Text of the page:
2021 Convention Logo



Margaret Atwood, a giant of the global literary world, is the author of more than 50 volumes of fiction, poetry, children’s literature and nonfiction. Her best-known novels include The Edible Woman, The Robber Bride, The Blind Assassin, Oryx and Crake, which is being adapted into a TV series. A serialized adaptation of The Handmaid’s Tale has received 13 Emmy nominations and eight awards, including for Best Drama.

Atwood is the winner of many international literary awards, including the prestigious Booker Prize, Arthur C. Clarke Award, Governor General’s Award, the PEN Pinter Prize, the Ivan Sandrof Lifetime Achievement Award from the National Book Critics Circle and a Guggenheim Fellowship. Her work has been published in more than 40 languages, including Farsi, Japanese, Turkish, Finnish, Korean, Icelandic and Estonian.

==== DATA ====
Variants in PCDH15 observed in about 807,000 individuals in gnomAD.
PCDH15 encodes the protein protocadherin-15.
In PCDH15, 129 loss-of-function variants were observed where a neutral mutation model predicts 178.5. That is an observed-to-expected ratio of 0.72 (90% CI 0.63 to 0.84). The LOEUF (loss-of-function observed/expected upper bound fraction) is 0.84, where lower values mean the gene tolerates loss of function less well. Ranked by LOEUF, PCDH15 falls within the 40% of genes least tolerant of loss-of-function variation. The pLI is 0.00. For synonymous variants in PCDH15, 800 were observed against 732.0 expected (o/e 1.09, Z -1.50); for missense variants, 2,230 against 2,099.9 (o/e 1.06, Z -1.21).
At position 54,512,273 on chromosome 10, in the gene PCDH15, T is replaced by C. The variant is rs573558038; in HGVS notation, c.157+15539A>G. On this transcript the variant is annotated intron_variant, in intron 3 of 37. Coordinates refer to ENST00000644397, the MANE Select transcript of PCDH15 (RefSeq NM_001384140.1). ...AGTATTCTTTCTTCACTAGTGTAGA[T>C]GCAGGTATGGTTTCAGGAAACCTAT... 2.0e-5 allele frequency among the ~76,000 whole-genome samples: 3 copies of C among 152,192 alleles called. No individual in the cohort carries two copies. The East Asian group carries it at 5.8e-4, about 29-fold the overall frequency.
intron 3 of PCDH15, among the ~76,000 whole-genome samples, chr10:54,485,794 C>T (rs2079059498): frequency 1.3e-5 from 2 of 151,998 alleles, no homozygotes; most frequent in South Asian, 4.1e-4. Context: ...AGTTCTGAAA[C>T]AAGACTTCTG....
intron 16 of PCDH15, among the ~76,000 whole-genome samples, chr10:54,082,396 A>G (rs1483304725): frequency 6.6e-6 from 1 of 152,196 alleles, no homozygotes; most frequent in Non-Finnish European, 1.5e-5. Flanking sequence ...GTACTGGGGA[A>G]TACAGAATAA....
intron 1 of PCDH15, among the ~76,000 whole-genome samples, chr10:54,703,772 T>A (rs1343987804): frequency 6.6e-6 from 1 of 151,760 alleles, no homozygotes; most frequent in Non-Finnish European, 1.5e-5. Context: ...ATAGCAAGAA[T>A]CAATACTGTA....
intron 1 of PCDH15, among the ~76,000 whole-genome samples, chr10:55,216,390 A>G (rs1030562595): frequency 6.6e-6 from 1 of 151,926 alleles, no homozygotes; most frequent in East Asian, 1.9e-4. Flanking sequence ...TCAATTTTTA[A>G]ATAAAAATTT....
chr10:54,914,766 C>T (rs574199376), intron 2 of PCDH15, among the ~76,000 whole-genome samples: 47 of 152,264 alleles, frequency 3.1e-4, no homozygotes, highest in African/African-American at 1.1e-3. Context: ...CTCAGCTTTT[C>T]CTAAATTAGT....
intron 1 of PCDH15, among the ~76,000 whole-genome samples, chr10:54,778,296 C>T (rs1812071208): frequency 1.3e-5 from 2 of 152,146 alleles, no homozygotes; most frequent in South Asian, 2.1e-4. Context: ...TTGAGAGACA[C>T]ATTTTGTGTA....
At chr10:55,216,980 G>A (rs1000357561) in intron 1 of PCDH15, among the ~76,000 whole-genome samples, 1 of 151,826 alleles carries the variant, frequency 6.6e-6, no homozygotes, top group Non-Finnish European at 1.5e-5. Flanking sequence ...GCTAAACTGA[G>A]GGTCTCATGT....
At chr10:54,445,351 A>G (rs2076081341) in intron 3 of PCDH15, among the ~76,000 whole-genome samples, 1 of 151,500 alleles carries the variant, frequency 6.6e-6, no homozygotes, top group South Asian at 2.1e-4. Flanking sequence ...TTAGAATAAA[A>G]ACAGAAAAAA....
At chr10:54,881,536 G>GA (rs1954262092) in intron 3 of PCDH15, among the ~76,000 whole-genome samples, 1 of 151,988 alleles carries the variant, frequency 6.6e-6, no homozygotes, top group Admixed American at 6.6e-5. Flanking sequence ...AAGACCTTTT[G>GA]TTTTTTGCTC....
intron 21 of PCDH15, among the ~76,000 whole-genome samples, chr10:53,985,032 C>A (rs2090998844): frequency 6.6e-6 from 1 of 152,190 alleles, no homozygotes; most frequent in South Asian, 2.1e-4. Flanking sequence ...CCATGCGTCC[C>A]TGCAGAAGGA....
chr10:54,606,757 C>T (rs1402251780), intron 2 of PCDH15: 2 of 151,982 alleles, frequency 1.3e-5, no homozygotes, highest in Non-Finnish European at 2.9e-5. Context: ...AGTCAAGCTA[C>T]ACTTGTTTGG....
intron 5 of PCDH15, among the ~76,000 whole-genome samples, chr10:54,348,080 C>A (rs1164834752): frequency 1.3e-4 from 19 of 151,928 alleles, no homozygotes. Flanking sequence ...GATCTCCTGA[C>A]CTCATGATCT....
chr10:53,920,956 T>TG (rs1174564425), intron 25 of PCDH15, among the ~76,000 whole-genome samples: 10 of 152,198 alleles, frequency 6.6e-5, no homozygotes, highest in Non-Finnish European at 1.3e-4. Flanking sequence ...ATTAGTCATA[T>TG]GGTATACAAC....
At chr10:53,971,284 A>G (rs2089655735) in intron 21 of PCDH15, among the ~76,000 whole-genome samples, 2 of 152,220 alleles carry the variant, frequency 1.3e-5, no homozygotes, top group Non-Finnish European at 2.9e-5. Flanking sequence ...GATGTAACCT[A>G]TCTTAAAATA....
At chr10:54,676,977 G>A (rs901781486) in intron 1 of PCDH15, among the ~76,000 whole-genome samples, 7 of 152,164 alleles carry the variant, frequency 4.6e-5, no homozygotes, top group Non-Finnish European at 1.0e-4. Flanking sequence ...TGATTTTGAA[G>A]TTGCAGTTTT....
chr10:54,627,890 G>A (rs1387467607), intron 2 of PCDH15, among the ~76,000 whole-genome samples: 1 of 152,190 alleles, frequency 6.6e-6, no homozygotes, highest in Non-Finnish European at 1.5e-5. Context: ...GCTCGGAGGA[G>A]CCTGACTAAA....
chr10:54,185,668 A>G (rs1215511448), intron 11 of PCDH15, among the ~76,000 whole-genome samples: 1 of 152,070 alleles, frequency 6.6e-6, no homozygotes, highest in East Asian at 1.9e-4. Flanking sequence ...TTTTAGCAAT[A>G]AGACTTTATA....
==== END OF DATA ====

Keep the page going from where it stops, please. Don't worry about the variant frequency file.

Atwood will receive FFRF’s “Forward” Award, which is reserved for those who are moving society forward. It includes a statuette designed by world-renowned sculptor Zenos Frudakis.


Brian Bolton has endowed a secular studies professorship at the University of Texas in Austin, the Brian F. Bolton Distinguished Professorship in Secular Studies. Brian is a retired academic psychologist with a background in mathematics, statistics and psychometrics. His contributions in psychological measurement, personality assessment and rehabilitation psychology have been recognized by universities and psychological societies. He has 10 edited and authored 10 books include Handbook of Measurement and Evaluation in Rehabilitation. He is a licensed psychologist, Humanist minister, Karate black belt, and Distinguished Toastmaster. The executive wing of FFRF’s Freethought Hall is named for Brian Bolton, and for 11 years he has personally underwritten FFRF’s essay contest for grad/older students, with up to $10,000 prize money. He is helping to underwrite a bible accountability project with FFRF, which will be publishing Brian’s new book, Why the Bible is Not a Good Book, this year.